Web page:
"You want to hold on to what people like in the first place, the raw DIY aesthetic. It’s not like we’re going into big studios trying to make a polished, big sounding album. It’s keeping that DIY ethos alive. Using tape delays and analogue gear. It’s learning each time how to make it a little bit better.”

Are you already looking ahead to your next album? You mentioned about the stuff you’ve created in lockdown. Are you always thinking one step ahead?

“You have it at the back of your mind and that starts to form more and more. You’re daydreaming about it until it’s solidified in your mind a bit. There's a couple of avenues we want to go down – either making a more folk sounding, less electronic album, or a completely electronic album with nothing but electronics. Splitting off in two directions. All our albums have electronic dance tracks and there’s a rustley folk track. They’re eclectic.

"I’d like to make a couple of albums that are really honed in on a style and sound a little bit more. I could really get my teeth into that and have some boundaries. It’s nice to give yourself some rules sometimes. I guess it’s the same if you’re making art or whatever. If you’re a painter and you’re deciding your palette. It’s that kind of thing that helps.”

How eager are you to get back out on the road?

“Massively. It’s good to get out and play to people. You try not to think about it at this stage because the rug’s been pulled quite a few times. We’ve tried to plan tours and it’s been cancelled. At this stage I’m a bit hesitant to get my hopes up. Although it seems we’re in the thick of it now, even if it’s two or three years from now before it’s properly back to normal, you’ll soon forget how bleak lockdown. It’s a blip and things are going to get back but it’s just how long that takes. We’re trying to stay optimistic.”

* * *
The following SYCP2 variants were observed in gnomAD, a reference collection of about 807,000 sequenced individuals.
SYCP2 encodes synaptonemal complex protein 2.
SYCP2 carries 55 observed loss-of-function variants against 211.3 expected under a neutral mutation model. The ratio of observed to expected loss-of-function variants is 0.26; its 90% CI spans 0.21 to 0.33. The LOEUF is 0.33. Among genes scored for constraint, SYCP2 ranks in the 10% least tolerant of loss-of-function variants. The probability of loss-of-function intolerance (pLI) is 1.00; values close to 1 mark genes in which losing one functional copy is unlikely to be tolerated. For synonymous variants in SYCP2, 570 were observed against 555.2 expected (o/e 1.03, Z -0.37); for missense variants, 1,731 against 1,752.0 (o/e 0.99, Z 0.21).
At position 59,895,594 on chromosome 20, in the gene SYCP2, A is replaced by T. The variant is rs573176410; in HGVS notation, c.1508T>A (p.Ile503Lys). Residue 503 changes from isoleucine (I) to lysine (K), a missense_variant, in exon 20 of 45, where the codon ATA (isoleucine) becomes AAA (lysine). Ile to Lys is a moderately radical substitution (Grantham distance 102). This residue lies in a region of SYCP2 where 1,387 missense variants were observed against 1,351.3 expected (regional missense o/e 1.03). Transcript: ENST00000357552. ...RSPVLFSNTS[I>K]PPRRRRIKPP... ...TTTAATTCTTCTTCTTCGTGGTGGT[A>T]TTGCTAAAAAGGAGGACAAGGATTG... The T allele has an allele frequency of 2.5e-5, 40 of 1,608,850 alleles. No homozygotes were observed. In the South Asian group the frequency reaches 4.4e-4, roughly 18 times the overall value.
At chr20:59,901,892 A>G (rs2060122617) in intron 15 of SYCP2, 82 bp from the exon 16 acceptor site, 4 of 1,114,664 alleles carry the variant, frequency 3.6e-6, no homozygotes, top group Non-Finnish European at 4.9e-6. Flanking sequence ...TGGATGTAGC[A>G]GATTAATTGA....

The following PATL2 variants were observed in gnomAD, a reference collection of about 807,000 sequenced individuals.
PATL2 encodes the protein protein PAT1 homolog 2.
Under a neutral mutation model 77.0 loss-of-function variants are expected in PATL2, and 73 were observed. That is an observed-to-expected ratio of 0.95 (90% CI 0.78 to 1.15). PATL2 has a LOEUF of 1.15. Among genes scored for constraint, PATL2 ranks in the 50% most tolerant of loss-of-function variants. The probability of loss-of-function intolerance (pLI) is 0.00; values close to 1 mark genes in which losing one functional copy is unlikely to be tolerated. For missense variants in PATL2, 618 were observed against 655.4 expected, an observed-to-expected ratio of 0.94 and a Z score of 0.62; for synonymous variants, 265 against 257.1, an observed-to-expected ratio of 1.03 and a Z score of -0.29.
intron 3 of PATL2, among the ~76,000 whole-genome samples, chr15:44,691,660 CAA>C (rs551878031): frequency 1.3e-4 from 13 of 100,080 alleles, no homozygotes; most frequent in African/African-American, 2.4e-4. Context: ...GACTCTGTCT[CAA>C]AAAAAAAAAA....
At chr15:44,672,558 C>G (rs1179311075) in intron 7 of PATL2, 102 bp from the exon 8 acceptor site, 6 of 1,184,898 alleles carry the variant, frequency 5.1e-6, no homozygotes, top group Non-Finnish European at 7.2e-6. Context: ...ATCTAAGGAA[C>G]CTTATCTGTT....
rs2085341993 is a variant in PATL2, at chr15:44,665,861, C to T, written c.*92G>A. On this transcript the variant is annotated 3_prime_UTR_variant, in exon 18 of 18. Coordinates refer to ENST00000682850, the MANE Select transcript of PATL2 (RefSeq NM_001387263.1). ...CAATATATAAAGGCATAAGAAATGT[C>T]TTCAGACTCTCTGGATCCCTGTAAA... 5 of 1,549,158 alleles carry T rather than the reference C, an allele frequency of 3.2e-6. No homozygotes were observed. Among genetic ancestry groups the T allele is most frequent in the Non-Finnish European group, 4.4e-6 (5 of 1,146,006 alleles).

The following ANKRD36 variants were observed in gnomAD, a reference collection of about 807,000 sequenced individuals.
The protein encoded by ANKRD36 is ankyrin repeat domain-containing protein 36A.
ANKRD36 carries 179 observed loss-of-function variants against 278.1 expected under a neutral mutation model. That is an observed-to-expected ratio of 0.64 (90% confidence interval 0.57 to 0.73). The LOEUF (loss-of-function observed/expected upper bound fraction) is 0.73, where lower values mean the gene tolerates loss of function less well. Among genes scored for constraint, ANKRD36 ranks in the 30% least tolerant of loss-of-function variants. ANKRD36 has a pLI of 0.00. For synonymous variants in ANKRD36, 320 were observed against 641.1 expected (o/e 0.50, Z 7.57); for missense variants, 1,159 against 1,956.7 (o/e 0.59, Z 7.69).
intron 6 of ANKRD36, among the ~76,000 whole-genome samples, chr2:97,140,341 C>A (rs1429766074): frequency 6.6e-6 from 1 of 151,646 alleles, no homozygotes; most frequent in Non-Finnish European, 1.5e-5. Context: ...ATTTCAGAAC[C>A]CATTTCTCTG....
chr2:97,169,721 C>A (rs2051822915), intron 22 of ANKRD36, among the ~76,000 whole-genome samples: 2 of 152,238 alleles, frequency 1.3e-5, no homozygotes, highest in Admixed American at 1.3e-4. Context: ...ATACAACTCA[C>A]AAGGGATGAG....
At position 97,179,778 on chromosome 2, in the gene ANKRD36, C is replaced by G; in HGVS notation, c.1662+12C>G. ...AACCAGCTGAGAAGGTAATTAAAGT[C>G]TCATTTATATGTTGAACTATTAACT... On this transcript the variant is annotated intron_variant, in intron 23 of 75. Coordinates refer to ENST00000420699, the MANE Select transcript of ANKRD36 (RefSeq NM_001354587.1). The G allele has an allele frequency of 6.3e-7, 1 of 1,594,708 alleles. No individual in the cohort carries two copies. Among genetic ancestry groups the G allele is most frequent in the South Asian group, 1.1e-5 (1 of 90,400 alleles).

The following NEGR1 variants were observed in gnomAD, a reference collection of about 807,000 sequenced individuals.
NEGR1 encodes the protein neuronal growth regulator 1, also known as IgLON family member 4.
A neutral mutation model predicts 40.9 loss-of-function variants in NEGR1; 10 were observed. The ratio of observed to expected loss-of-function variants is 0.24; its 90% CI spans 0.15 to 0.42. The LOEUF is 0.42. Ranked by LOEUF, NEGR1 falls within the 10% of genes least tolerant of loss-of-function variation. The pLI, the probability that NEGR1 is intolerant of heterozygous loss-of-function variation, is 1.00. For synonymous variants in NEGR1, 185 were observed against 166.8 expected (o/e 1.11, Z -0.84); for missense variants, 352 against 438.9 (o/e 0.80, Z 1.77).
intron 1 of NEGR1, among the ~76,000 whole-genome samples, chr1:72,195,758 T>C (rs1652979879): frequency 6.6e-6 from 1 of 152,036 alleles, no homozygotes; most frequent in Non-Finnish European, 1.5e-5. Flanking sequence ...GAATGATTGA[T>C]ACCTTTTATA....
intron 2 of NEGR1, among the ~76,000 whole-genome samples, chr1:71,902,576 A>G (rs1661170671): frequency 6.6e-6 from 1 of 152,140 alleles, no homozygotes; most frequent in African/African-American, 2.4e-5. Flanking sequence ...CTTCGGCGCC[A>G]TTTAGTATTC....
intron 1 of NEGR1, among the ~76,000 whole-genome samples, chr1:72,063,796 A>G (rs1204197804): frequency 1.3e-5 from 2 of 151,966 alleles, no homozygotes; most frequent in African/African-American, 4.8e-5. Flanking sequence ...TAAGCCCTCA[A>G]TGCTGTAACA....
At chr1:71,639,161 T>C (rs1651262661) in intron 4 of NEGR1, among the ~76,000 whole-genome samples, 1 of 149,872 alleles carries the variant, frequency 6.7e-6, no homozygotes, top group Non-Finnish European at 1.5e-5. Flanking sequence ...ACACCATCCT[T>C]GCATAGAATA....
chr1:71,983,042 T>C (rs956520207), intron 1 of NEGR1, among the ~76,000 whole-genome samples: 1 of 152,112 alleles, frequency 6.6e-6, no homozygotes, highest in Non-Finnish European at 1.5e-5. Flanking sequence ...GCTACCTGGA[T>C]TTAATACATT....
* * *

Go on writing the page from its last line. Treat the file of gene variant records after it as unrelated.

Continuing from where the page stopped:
I think the album will be great live. You can really hear how it will translate on stage.

“I think it will be fun and there are a few tracks that will be fun for festivals. That’s what people are massively needing at the moment, to get some music festivals.”

What’s next for Django Django?

“If we’re not getting to tour this album we’d quite like to crack on with the next one and put another album out. It’s all to play for at the moment. There’s a lot of stuff finished that didn’t get on this album, so maybe it’s getting out the hard drive and saying ‘we could pick that out’. Or we knuckle down and make an electronic album. We’re in the studio every day so I’d say between now and summer I’d say something would have taken shape.”

Django Django’s Glowing In The Dark is out now via Because Music